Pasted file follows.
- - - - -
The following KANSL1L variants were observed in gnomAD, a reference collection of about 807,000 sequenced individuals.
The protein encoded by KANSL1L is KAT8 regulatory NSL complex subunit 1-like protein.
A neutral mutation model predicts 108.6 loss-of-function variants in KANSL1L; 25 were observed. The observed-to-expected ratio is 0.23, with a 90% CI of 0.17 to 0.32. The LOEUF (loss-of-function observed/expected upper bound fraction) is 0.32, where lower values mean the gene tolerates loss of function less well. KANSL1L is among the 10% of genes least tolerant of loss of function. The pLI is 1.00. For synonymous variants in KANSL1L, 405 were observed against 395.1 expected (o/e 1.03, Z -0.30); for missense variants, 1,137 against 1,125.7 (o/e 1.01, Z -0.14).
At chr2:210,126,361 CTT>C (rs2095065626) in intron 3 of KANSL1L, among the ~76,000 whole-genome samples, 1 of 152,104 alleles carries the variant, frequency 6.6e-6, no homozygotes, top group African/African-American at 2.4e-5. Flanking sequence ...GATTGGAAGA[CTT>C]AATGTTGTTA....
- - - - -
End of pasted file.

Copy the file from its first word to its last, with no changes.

The following KANSL1L variants were observed in gnomAD, a reference collection of about 807,000 sequenced individuals.
The protein encoded by KANSL1L is KAT8 regulatory NSL complex subunit 1-like protein.
A neutral mutation model predicts 108.6 loss-of-function variants in KANSL1L; 25 were observed. The observed-to-expected ratio is 0.23, with a 90% CI of 0.17 to 0.32. The LOEUF (loss-of-function observed/expected upper bound fraction) is 0.32, where lower values mean the gene tolerates loss of function less well. KANSL1L is among the 10% of genes least tolerant of loss of function. The pLI is 1.00. For synonymous variants in KANSL1L, 405 were observed against 395.1 expected (o/e 1.03, Z -0.30); for missense variants, 1,137 against 1,125.7 (o/e 1.01, Z -0.14).
At chr2:210,126,361 CTT>C (rs2095065626) in intron 3 of KANSL1L, among the ~76,000 whole-genome samples, 1 of 152,104 alleles carries the variant, frequency 6.6e-6, no homozygotes, top group African/African-American at 2.4e-5. Flanking sequence ...GATTGGAAGA[CTT>C]AATGTTGTTA....